4. News Article
    High risks relating to the ordering, prescribing, storing and administration of medicines have been found by the Mental Health Commission in a series of inspections of mental health centres in Dublin. The commission emphasised the need to have appropriate practices including the recording of the minimum dose interval information; where medication has been stopped, the stop date to be recorded; and the need to always have the prescriber’s signature recorded. The inspector of mental health services Dr Susan Finnerty said it was positive to see centres maintaining high compliance rating, but spoke of concerns around the administration of medication. “We know that medication is an important tool in treatment of mental illness. In order to reduce the risk of medication errors, we need to be sure that medication prescription and administration records are completed correctly,” Dr Finnerty said. Read full story Source: Independent Ireland, 18 January 2023
  5. News Article
    GPs whose patients want to stop taking antidepressants should reduce the dose of their medication in stages to lower the risk and severity of withdrawal symptoms, the medicines watchdog has said. About one in six (16%) adult Britons experience moderate to severe depression, according to the Office for National Statistics. In England alone, 21.4m antidepressant drugs were prescribed between July and September 2022, according to the NHS Business Services Authority. A new draft quality standard for the care of adults with depression from the National Institute for Health and Care Excellence (NICE) – the first update in 11 years – includes specific guidance to help adults come off antidepressant medication permanently. NICE’s independent advisory committee, which includes experts in treating adults with depression, recommends the staged withdrawal of antidepressants in patients who want to stop taking the drugs. A staggered reduction of medicine, known as tapering, helps to reduce withdrawal effects and long-term dependence on the medication, according to Nice. The committee said primary care and mental health professionals should follow the NICE guideline recommendations on stopping antidepressant medication, including agreeing with their patient whether it is right for them to stop taking the medication and, if so, the speed and duration of withdrawal from it. Read full story Source: The Guardian, 17 January 2023
  6. News Article
    The UK needs to do more to use diagnostic testing in the fight against antimicrobial resistance (AMR), the chair of a government-commissioned review on AMR told MPs. Lord O’Neill, an economist and former treasury minister, warned in the review’s final report in 2016 that a continued rise in AMR would lead to 10 million people dying each year by 2050 and made ten recommendations, including the need for rapid diagnostics to reduce unnecessary use of antimicrobials. Speaking to a Commons Science and Technology Committee evidence session on 22 June 2022, Lord O’Neill said that while he was pleased with progress on some of the recommendations published in his review in 2016, especially in the reduction of antimicrobials in agriculture, progress on diagnostics was “woeful”. He said it was “alarming to me how we are not embedding state-of-the-art diagnostic technology right in the middle of our health systems”, adding that it could “really make a huge difference about whether an antibiotic is needed or not, and the right kind of antibiotic”. “Our most aggressive recommendation was that we should ban the use of subjective prescriptions in secondary settings, at least in Western countries, until they’ve gone through a state-of-the-art diagnostics,” he continued. “And nobody’s done it; they claim it’s a vicious circle, the technology isn’t there, but we have to give incentives in order to get this embedded because that would make a permanent difference.” Read full story Source: The Pharmaceutical Journal, 24 June 2022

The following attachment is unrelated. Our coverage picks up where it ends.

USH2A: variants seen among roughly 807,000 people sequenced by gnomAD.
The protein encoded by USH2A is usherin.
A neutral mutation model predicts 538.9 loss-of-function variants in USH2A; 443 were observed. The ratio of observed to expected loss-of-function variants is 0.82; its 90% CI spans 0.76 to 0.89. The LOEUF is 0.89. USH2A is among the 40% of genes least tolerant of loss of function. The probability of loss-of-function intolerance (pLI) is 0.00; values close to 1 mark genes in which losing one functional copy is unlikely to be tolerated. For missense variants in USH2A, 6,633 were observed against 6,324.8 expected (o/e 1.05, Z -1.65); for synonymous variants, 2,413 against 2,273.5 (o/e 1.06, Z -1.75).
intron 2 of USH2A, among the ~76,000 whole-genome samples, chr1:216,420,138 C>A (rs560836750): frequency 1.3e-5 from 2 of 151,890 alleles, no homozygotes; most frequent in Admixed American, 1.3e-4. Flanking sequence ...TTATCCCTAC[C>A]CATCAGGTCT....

7. News Article
    India faces a “pandemic” of superbugs, the country’s top public health experts have warned, as resistance to common antibiotics has jumped by 10% in just one year In the fifth edition of its annual report on antimicrobial resistance (AMR), the Indian Council of Medical Research warned that urgent action is needed to prevent a major health crisis caused by the rampant misuse of antibiotics. “The resistance level is increasing to five to ten per cent every year for broad spectrum antimicrobials, which are highly misused,” said Dr Kamini Walia, who led the ICMR’s report. “Antibiotic resistance has the potential of taking the form of a pandemic in the near future if corrective measures are not taken immediately.” The report warned that only 43% of pneumonia infections in India could be treated with first line antibiotics in 2021 – down from 65% in 2016. “We could absolutely see a pandemic driven by AMR infections in India,” said Ramanan Laxminarayan, director of the One Health Trust, a global public health think tank. “It is certainly within the realms of possibility, it could be next year or over the next two decades. “Bacterial infections were the biggest killers in the early 20th Century and we risk going back to that time where there are no effective antibiotics and infections can spread rapidly,” he added. Read full story (paywalled) Source: The Telegraph, 16 September 2022
  8. News Article